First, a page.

[ uh-trib-yuh-tiv ]
/ əˈtrɪb yə tɪv /
Grammar. of or relating to an adjective or noun that is directly adjacent to, in English usually preceding, the noun it modifies, without any intervening linking verb, as the adjective sunny in a sunny day or the noun television in a television screen.
Grammar. an attributive word, especially an adjective.
Origin of attributive
First recorded in 1600–10
at·trib·u·tive·ly, adverbat·trib·u·tive·ness, nounnon·at·trib·u·tive, adjectivenon·at·trib·u·tive·ly, adverb
non·at·trib·u·tive·ness, nounun·at·trib·u·tive, adjectiveun·at·trib·u·tive·ly, adverbun·at·trib·u·tive·ness, noun
Dictionary.com Unabridged Based on the Random House Unabridged Dictionary, © Random House, Inc. 2019
British Dictionary definitions for attributively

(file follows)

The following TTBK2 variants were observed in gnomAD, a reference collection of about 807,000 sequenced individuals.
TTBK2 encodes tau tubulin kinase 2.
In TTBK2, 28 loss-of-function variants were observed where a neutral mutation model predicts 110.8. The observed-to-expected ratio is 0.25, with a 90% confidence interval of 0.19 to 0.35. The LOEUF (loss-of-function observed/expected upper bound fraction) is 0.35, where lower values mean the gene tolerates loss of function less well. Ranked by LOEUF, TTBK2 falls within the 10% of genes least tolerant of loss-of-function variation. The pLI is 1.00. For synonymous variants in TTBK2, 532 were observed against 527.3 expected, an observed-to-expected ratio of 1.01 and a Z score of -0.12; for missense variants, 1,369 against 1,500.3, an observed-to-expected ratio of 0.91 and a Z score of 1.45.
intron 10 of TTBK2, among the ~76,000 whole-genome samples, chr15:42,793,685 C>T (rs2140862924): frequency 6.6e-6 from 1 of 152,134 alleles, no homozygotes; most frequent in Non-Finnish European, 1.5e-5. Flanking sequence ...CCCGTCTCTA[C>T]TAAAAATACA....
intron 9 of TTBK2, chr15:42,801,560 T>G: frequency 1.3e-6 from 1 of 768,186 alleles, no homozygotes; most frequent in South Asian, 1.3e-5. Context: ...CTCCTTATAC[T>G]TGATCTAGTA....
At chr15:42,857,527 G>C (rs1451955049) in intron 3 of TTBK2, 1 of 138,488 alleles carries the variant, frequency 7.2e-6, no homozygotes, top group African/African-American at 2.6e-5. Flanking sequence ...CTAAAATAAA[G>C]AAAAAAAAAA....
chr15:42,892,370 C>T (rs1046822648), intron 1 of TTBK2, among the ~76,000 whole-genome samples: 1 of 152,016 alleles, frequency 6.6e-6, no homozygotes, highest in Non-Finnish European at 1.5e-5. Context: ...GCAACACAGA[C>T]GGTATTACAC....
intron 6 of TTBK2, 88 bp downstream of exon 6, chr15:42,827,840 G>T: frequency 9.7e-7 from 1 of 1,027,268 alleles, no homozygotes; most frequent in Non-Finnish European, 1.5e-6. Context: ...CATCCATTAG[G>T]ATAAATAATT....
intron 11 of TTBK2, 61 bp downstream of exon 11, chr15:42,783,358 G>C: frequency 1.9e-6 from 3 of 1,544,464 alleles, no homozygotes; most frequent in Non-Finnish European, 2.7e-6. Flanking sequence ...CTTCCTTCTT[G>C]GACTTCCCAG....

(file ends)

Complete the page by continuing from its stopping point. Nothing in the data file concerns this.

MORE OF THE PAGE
/ (əˈtrɪbjʊtɪv) /
relating to an attribute
grammar (of an adjective or adjectival phrase) modifying a noun and constituting part of the same noun phrase, in English normally preceding the noun, as black in Fido is a black dog (as opposed to Fido is black)Compare predicative
philosophy relative to an understood domain, as small in that elephant is small
an attributive adjective
Derived Formsattributively, adverbattributiveness, noun
Collins English Dictionary - Complete & Unabridged 2012 Digital Edition © William Collins Sons & Co. Ltd. 1979, 1986 © HarperCollins Publishers 1998, 2000, 2003, 2005, 2006, 2007, 2009, 2012
Word Origin and History for attributively
c.1600, from French attributif, from stem of Latin attributus (see attribute (v.)). As a noun, in grammar, from 1750. Related: Attributively; attributiveness.
Online Etymology Dictionary, © 2010 Douglas Harper